Permeability of Concrete

1. objective

Permeability of cement mortar or concrete is of particular significance in structures which are intended to retain water or which come into contact with water. Besides functional considerations, permeability is also intimately related to the durability of concrete, specially its resistance, against progressive deterioration under exposure to severe climate, and leaching due to prolonged seepage of water, particularly when it contains aggressive gases or minerals in solution. The determination of the permeability characteristics of mortar and concrete, therefore, assumes considerable importance.

The test consists in subjecting the mortar or concrete specimen of known dimensions, contained in a specially designed cell, to a known hydrostatic pressure from one side, measuring the quantity of water percolating through it during a given interval of time and computing the coefficient of permeability. The test permits measurement of the water entering the specimen as well as that leaving it.

2. apparatus required

Specimen Diameter (mm) Dimension of Cell, A (mm) Dimension of Cell, B (mm) Dimension of Cell, C (mm)
100 115 80 110
150 170 120 160
300 330 260 320

Table 1 : Typical Details of Permeability Cell

3. reference

IS 3085:1965 Methods of Test for Permeability of Cement Mortar and Concrete (Seventh revision). Reaffirmed- Dec 2016.

4. procedure

    Preparation of Test Specimen

    1. Specimens shall be cylindrical in shape with height equal to the diameter. The standard size of specimen shall have diameter (and height) of 150 mm. In the case of specimens containing aggregates whose nominal size does not exceed 20 mm, the diameter (and the height) of the specimen may be reduced to 100 mm. In the case of specimens containing aggregates whose nominal size exceeds 40 mm, the diameter (and the height) of the specimen should not be less than about four times the nominal size of the aggregate.
    2. The mortar or concrete mix shall be cast in split moulds of the required size, with a removable collar of about half the height set on the top. The material shall be compacted either by hand rodding or vibration, as proposed to be done during construction. The collar shall then be removed and the mould shall be struck off level with a straight-edge using a sawing motion without further trovelling or finishing, which might raise the fines to the surface. The specimen shall be cured for 28 days unless otherwise specified by the engineer-in-charge.

      Pressure Head

    1. The standard test pressure head to be applied to the water in the reservoir should be 10 kg/cm2. This may, however, be reduced up to 5 kg/cm2 in the case of relatively more permeable specimens where steady state of flow is obtained in a reasonable time, and may be increased up to 15 kg/cm2 for relatively less permeable specimens and where sealing could be ensured to be fully elfective.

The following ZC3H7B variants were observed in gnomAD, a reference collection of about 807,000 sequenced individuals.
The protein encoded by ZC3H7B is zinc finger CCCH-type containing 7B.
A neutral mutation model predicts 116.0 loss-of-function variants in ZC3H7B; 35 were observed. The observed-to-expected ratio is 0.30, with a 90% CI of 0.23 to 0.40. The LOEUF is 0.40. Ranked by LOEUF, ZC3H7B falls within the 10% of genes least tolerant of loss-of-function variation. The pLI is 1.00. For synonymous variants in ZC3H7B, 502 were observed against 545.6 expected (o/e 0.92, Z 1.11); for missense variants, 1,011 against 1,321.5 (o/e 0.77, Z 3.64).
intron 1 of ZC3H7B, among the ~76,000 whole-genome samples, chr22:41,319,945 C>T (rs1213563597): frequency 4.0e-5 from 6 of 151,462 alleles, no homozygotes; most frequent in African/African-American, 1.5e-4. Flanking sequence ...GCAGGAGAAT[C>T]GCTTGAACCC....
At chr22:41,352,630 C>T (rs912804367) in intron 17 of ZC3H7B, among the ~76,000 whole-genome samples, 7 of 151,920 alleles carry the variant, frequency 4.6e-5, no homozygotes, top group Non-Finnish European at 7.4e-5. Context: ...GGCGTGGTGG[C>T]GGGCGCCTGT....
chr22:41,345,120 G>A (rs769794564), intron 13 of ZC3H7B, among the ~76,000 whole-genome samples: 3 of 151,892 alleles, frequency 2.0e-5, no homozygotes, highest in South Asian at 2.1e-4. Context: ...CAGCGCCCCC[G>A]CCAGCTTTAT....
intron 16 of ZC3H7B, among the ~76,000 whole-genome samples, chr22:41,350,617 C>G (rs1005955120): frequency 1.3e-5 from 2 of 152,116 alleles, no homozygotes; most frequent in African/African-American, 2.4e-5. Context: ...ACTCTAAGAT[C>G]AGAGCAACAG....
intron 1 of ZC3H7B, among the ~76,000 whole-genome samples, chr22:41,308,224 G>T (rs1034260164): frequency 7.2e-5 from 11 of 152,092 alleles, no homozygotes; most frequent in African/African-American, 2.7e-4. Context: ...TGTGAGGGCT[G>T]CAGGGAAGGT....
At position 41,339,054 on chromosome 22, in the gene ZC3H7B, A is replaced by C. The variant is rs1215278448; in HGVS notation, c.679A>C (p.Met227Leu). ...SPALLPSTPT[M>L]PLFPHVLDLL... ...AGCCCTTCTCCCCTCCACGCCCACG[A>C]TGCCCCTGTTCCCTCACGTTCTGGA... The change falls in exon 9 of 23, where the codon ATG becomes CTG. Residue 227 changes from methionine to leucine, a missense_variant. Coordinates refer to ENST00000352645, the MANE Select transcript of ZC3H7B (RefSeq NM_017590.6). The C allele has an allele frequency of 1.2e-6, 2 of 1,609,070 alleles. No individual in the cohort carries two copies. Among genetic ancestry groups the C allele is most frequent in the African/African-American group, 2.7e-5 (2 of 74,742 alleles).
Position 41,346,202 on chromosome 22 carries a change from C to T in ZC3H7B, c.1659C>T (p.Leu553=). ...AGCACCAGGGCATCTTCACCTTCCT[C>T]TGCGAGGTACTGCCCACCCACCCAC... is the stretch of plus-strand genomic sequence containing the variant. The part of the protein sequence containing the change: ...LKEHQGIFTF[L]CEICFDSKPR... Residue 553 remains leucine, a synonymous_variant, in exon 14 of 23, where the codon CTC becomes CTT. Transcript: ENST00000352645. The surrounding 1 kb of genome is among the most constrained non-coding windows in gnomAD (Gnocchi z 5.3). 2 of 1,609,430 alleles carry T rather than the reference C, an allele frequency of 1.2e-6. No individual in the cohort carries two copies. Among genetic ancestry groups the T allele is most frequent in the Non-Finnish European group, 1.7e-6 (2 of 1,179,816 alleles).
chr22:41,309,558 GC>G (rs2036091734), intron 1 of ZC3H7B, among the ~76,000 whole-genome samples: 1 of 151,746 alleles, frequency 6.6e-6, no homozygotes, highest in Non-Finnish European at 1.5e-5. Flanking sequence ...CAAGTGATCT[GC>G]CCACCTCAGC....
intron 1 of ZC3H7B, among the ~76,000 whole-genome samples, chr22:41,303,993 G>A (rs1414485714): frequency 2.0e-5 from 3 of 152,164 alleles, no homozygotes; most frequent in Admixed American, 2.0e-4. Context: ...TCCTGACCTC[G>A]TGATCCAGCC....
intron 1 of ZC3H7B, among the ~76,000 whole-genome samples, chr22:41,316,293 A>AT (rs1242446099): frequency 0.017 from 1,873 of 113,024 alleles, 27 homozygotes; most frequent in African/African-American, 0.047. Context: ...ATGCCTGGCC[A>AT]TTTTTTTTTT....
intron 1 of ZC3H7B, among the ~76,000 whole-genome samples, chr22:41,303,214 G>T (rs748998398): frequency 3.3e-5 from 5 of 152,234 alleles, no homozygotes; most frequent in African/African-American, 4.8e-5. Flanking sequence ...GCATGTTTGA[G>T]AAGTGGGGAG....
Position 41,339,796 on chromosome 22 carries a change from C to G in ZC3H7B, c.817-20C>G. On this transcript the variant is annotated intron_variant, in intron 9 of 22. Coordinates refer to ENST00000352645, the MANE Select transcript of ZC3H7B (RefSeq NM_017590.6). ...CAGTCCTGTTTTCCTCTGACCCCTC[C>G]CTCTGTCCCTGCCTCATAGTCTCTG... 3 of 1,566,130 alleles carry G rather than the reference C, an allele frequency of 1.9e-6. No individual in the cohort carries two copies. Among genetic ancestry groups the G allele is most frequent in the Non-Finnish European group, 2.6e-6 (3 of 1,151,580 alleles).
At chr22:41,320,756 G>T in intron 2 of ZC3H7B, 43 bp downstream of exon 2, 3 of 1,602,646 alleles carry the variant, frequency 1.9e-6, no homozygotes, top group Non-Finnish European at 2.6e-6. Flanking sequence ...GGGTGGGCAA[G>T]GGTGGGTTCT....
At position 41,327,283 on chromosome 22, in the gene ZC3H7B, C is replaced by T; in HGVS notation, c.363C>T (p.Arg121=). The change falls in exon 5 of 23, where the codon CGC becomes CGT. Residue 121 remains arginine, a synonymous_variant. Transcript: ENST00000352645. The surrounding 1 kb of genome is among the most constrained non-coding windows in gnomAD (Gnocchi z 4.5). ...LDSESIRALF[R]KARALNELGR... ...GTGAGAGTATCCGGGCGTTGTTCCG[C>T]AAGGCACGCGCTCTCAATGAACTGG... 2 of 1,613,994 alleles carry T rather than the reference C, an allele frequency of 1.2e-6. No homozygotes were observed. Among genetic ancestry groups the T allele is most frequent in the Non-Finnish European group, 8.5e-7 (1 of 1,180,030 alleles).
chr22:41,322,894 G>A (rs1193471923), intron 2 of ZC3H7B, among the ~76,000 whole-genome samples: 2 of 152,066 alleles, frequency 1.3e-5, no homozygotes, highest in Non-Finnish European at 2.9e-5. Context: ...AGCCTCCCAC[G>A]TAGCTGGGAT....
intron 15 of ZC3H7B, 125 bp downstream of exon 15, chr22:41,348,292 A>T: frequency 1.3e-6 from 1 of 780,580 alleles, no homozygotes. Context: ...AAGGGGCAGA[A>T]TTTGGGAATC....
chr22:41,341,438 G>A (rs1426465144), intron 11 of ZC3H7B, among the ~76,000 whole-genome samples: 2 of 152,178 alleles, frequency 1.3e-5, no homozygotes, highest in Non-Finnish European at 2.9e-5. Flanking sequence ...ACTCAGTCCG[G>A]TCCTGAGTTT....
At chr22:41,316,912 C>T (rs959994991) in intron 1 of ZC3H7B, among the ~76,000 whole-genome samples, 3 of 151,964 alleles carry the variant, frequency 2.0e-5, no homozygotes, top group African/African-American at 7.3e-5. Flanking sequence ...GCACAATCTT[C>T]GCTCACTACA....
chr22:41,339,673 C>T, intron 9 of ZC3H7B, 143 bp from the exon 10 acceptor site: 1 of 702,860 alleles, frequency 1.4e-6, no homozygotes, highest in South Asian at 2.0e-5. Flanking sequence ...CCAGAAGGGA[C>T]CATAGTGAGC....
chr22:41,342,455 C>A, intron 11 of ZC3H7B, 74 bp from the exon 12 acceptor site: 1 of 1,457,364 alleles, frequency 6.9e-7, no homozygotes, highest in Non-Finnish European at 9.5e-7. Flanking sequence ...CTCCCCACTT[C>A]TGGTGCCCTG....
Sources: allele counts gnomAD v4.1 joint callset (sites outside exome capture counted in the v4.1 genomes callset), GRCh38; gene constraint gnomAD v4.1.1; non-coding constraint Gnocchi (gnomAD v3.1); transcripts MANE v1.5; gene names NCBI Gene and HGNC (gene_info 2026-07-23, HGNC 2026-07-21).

2. With the reservoir drain-cock and the shut-off valve between the reservoir and the cell closed, and with the air bleeder valve open, the reservoir shall be filled with water. The reservoir drain-cock shall then be opened to flush out any air and closed again. The reservoir shall be refilled to a point above the zero mark of the gauge-glass scale; the bleeder valve shall be closed and the desired air pressure applied. The drain-cock shall be carefully opened to bring the water to the zero mark and quickly closed. Water shall then be drawn off and caught in 250 ml increments in a graduated jar and the level in the gauge-glass read on the scale. The calibration constant for the reservoir shall be expressed in millilitres per division of the scale.

      Sealing of Test Specimen

    1. The specimen shall be surface-dried and the dimensions measured to the nearest 0.5 mm. It shall then be centred in the cell, with the lower end resting on the ledge. The annular space between the specimen and the cell shall be tightly caulked to a depth of about 10 mm using a cotton or hemp cord soaked in a suitable molten sealing compound. The rest of the space shall be carefully filled with the molten sealing compound, level with the top of the specimen. Any drop in the level due to cooling shall be made up, using a heated rod to remelt the solidified compound before pouring fresh material over it. A mixture of bees-wax and rosin, applied smoking hot, forms an effective seal. The proper proportions are best chosen by trial. Other suitable materials are stearine pitch, marine glue, and various asphaltic compounds.